FOLEY – The South Baldwin Chamber of Commerce held a “Report Card” Luncheon on Wednesday, Nov. 7, where it gave updates on its five-year Gateway Initiative. The Gateway Initiative, launched …
FOLEY – The South Baldwin Chamber of Commerce held a “Report Card” Luncheon on Wednesday, Nov. 7, where it gave updates on its five-year Gateway Initiative. The Gateway Initiative, launched early 2018, is the brainchild of CEO and President of the Chamber Donna Watts, and is meant to help build and better the community as a whole. There are three separate tiers that make up the initiatives, the first being Talent Development and Recruitment. This initiative strives to end workforce shortage by bringing in new employees along with training those employees and the ones who are already here.
Ed Bushaw heads the initiative as director, and during the luncheon he discussed what has been accomplished within the initiative and where they’re going next.
“One of the things that we’re really focusing on is students in the secondary schools that are pursuing careers, but they’re not necessarily looking at a four-year degree option,” Bushaw said. “The idea is to promote everything that we have in Baldwin County, and a lot of the time we have best kept secrets. One of the things people don’t always realize is how dual-enrollment works with the community college, and it’s a wonderful opportunity for our career tech students where they can pursue a career path, receive college credits at the same time, and it’s basically free of charge.”
Bushaw stated the average college tuition during the 1980s was $2,100. During 2017, tuition-only averaged $96,000 plus, and after adding books, board, and spending money, the total at times came to $150,000.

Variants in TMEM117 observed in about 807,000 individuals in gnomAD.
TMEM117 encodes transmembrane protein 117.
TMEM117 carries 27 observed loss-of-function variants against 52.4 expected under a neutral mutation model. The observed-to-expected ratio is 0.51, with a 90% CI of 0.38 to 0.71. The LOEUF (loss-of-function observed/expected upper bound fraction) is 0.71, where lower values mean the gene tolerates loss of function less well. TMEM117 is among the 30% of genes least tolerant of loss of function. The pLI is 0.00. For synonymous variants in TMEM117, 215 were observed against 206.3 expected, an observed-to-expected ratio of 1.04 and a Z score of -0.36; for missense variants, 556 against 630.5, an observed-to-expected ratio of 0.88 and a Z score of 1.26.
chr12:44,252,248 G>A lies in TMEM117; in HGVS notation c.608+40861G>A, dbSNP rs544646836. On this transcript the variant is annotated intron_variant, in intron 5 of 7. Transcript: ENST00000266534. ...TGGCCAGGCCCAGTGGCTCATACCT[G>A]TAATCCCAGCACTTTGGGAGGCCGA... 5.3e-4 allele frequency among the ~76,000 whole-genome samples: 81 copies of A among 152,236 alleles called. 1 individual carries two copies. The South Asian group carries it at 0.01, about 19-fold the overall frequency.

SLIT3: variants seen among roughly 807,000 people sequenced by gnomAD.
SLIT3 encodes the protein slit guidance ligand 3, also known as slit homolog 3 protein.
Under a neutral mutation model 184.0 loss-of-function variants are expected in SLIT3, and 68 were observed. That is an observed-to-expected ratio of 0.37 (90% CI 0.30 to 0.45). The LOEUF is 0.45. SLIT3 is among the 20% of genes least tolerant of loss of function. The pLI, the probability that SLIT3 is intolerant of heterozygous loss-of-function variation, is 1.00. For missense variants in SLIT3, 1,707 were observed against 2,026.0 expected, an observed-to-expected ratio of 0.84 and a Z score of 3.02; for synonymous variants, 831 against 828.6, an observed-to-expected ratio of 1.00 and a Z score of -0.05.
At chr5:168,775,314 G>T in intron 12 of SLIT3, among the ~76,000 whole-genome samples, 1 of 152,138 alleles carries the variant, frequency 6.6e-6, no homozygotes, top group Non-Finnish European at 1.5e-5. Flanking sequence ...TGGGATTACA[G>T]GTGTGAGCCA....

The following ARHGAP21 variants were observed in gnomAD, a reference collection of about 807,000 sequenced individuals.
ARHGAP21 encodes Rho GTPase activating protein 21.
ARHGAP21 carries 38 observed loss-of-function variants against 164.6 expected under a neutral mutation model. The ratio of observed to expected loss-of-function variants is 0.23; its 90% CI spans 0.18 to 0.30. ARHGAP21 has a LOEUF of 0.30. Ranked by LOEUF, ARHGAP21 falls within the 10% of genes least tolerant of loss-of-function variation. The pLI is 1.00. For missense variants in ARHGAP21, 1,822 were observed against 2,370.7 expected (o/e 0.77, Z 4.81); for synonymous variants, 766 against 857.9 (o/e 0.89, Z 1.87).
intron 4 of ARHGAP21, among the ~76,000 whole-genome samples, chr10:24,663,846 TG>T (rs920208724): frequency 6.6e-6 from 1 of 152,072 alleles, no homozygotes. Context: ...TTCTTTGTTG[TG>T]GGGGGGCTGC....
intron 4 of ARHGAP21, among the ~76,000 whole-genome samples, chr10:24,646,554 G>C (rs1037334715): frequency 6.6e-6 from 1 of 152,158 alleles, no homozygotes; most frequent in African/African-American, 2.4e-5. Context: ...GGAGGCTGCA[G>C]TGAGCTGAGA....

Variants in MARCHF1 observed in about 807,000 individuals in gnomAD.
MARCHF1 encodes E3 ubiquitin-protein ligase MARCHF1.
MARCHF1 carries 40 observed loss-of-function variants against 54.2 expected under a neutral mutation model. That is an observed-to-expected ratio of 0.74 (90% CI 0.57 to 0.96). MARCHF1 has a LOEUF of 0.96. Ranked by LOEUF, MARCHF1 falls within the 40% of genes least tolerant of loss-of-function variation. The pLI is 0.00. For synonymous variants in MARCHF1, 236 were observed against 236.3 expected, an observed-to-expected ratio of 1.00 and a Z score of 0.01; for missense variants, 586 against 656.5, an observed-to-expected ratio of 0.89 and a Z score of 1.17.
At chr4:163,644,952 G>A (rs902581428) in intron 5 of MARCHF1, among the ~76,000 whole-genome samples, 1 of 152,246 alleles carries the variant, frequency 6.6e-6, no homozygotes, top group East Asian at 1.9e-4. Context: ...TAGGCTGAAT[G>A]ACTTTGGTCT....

“How nice would it be to be able to come out with a credential and not have any student debt?” Bushaw said.
Right alongside dual-enrollment, Bushaw has been hard at work bringing new apprenticeships to our area. Apprenticeships allow students and adults alike to work as an apprentice in a new field. This allows people without experience to land jobs that otherwise would be unattainable.
“We’ve learned that you can set up apprenticeships in just about any career in the United States,” Bushaw said. “Businesses could take students or adults who are already in their employee, put them through a registered apprenticeship program, get a tax incentive for doing so, have them get that credential at the end, and make nearly as much money with no debt whatsoever.”
Currently, there are only five approved apprenticeships in the state of Alabama, but Bushaw is looking to change that after learning none of the apprenticeships feature tourism or hospitality in any form. After speaking with Apprenticeship Alabama, he learned all it takes to create an apprenticeship is a business in a career field that is interested in taking on an apprenticeship, a demand from people in the community who would be interested in working through an apprenticeship, and approval by Apprenticeship Alabama. So far, Bushaw has already had approximately ten businesses asking to get involved with a registered apprenticeship.